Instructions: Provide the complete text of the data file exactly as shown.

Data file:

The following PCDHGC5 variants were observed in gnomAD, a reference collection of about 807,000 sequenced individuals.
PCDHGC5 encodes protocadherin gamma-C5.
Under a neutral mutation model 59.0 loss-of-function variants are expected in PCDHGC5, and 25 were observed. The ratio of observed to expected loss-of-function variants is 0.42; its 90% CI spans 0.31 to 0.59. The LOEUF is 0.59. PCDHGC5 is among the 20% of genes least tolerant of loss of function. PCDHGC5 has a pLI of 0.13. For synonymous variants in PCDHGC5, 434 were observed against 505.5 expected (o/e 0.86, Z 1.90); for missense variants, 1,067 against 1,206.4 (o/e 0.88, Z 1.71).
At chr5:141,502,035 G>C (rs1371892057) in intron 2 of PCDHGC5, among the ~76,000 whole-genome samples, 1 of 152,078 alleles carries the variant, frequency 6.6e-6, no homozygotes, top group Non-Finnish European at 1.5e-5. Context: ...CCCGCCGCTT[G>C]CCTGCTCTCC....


The following PCDHGC5 variants were observed in gnomAD, a reference collection of about 807,000 sequenced individuals.
PCDHGC5 encodes protocadherin gamma-C5.
Under a neutral mutation model 59.0 loss-of-function variants are expected in PCDHGC5, and 25 were observed. The ratio of observed to expected loss-of-function variants is 0.42; its 90% CI spans 0.31 to 0.59. The LOEUF is 0.59. PCDHGC5 is among the 20% of genes least tolerant of loss of function. PCDHGC5 has a pLI of 0.13. For synonymous variants in PCDHGC5, 434 were observed against 505.5 expected (o/e 0.86, Z 1.90); for missense variants, 1,067 against 1,206.4 (o/e 0.88, Z 1.71).
At chr5:141,502,035 G>C (rs1371892057) in intron 2 of PCDHGC5, among the ~76,000 whole-genome samples, 1 of 152,078 alleles carries the variant, frequency 6.6e-6, no homozygotes, top group Non-Finnish European at 1.5e-5. Context: ...CCCGCCGCTT[G>C]CCTGCTCTCC....